April, 2006, curated by Genie Guerard, Alva Stevenson, Miki Goral, Roberta Medford,
and Marlene Allen.
The Other Hollywood: Modernist Architecture and the Los Angeles Film Community.
Curated by Prof. Tom Hines and Simon Elliott. (This show opened in July, but the
planning and curatorial work occurred during the 05-06 fiscal year.)
For the CFPRT, we raised $315,000, including gifts from Joan Palevsky (whose
$250,000 is going to endow the Center), the Book Club of California, and an additional
gift from the Ahmanson Foundation. Before the UCLA Campaign closed at the end of
2005, our relationships with the Ahmanson Foundation and the Shapiros helped the
Library meet its goal. We are in the process of establishing an endowed collection for
artists’ books. We also raised $1,000,000 from Joan Palevsky to acquire the most
important collection of Isadora Duncan material ever assembled.
This year, we created a successful vehicle for bringing donors, prospects, and influential
people into the library through an event we call “From Michelangelo to Mackie.” Each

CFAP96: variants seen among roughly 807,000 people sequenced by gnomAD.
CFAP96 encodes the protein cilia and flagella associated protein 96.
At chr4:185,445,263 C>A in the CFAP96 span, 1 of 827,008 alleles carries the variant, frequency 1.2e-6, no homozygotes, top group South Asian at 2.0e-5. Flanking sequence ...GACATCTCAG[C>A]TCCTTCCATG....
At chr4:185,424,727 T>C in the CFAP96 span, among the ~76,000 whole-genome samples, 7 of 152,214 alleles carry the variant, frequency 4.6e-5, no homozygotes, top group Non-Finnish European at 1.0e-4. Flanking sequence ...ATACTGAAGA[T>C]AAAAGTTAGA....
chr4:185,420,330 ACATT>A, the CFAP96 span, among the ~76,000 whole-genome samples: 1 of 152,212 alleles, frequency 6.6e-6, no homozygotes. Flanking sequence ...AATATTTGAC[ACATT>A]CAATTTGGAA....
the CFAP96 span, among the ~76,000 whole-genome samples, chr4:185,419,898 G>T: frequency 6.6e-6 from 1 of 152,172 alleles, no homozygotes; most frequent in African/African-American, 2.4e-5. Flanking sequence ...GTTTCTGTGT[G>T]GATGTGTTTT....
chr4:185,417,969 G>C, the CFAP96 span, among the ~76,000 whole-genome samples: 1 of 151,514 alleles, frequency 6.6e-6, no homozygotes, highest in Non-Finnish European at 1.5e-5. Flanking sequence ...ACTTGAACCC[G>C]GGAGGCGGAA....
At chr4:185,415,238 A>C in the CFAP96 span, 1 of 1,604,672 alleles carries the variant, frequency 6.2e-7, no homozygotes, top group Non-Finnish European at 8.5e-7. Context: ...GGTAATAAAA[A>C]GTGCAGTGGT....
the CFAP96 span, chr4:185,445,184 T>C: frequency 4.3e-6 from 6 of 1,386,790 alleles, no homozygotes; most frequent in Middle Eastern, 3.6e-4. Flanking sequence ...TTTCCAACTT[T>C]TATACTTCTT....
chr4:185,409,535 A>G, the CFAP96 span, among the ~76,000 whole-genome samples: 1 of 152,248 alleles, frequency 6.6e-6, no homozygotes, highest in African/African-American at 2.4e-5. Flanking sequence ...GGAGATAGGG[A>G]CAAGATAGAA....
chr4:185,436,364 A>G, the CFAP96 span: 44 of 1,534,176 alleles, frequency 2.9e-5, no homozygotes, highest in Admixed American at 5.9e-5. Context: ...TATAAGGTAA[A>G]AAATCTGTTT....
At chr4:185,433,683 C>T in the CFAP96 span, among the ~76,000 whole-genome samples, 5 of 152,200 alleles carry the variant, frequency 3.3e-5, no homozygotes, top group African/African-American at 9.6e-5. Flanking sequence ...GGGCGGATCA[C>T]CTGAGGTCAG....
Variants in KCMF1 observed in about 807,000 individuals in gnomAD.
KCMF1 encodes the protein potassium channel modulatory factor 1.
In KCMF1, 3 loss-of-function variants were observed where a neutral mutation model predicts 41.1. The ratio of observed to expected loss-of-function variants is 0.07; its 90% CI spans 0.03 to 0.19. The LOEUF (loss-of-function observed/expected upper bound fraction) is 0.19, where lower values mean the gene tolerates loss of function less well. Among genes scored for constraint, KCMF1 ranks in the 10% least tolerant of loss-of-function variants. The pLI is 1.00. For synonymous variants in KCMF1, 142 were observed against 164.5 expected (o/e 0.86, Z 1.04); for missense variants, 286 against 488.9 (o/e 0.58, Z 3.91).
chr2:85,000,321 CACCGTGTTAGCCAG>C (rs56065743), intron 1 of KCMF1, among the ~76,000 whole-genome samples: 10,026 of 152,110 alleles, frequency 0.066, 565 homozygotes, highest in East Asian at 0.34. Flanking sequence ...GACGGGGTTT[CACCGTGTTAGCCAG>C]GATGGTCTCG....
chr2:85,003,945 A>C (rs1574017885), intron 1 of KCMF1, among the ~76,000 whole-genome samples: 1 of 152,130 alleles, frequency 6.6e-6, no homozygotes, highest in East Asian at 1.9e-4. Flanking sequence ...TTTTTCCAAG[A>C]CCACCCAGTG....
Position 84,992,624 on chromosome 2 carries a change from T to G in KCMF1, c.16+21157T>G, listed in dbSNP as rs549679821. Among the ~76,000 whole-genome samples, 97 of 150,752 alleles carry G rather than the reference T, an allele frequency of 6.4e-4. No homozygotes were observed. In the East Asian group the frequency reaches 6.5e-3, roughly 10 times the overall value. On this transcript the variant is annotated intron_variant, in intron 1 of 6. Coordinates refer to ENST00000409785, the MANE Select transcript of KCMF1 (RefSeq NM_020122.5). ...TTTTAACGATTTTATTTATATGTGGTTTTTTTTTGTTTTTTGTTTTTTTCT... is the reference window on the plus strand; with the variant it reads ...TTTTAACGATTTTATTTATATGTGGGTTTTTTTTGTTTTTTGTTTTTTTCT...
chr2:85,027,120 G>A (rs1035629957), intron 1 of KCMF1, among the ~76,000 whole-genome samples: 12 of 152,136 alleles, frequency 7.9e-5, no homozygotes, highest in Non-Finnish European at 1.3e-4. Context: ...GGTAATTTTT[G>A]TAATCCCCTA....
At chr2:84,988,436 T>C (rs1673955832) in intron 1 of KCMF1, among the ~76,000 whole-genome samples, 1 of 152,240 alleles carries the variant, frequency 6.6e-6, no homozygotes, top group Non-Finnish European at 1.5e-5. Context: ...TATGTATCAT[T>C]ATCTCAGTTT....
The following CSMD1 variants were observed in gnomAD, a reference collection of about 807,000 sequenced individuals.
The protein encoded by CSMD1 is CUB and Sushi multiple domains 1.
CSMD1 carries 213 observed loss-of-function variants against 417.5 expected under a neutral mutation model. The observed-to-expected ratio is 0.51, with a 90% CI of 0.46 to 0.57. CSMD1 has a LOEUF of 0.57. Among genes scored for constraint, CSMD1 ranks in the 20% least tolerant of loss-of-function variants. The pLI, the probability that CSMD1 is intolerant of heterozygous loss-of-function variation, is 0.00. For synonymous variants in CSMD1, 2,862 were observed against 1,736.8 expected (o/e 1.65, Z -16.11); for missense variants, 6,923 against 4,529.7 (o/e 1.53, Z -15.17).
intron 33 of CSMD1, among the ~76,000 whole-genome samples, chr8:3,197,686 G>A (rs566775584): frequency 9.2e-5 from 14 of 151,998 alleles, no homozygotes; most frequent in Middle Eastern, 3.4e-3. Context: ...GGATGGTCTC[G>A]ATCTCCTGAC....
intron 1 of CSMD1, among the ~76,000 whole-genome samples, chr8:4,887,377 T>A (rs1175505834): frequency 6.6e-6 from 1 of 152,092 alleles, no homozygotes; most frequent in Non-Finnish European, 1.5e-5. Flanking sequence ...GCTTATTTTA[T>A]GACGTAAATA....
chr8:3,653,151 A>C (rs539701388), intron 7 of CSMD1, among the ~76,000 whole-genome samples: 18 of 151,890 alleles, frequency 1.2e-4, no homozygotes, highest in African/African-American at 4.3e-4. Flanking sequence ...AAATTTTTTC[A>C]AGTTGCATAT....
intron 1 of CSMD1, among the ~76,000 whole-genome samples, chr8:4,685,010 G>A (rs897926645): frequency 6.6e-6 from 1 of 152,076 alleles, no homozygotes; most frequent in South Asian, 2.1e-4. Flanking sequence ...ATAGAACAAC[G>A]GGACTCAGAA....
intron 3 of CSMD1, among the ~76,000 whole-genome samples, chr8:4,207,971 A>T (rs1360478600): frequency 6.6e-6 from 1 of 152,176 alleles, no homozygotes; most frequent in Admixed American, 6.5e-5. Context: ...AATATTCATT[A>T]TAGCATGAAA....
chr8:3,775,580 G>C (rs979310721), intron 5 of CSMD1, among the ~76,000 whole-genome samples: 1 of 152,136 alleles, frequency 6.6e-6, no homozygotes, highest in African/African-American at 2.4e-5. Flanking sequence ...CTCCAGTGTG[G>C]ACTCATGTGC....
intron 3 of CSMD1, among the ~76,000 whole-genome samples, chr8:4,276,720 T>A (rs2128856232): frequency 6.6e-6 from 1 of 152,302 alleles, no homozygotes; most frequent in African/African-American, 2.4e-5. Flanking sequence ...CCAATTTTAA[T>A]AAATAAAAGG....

month, we have invited a small group of accomplished people to have an exclusive look
at some of our most wonderful items. We have found these events to be excellent
cultivation opportunities that have resulted in significant gifts.
II. Goals for fiscal year 2006-07
1. Assume management of visual arts related collections. Create a work plan to guide the
2. Submit the follow-on application to the Getty Grant Program for support to continue
the processing of art-related collections.
3. Begin planning to reinstall the Belt Library, which we hope to locate in the Special
4. Successfully run the CFPRT. Specifically, recruit a new Coordinator, recruit new
scholars each quarter, process important collections, and share the results of the program
by mounting an exhibit of CFPRT projects and working with Dawn Setzer to publicize
5. Participate in the planning of a conference to honor the Rouses in early October 2007.
Remount the Rouse exhibit.
6. Complete the L.A. Times Digitization project.
7. Hire a copy cataloger and a rare book cataloger and relocate the entire cataloging team
to the Special Collections Annex.
8. Approach the Steinmetz Foundation and/or the Massiah Foundation about funding a
curatorial position for our Near Eastern manuscripts holdings. Also work with Elizabeth
Johnson in Foundation Relations for other potential funders.
9. Begin work on a new publication about holdings. Outline project, hire a writer, make
image selections, photograph items, design and print publication.
10. Evaluate how we manage physical preparation in anticipation of an increased volume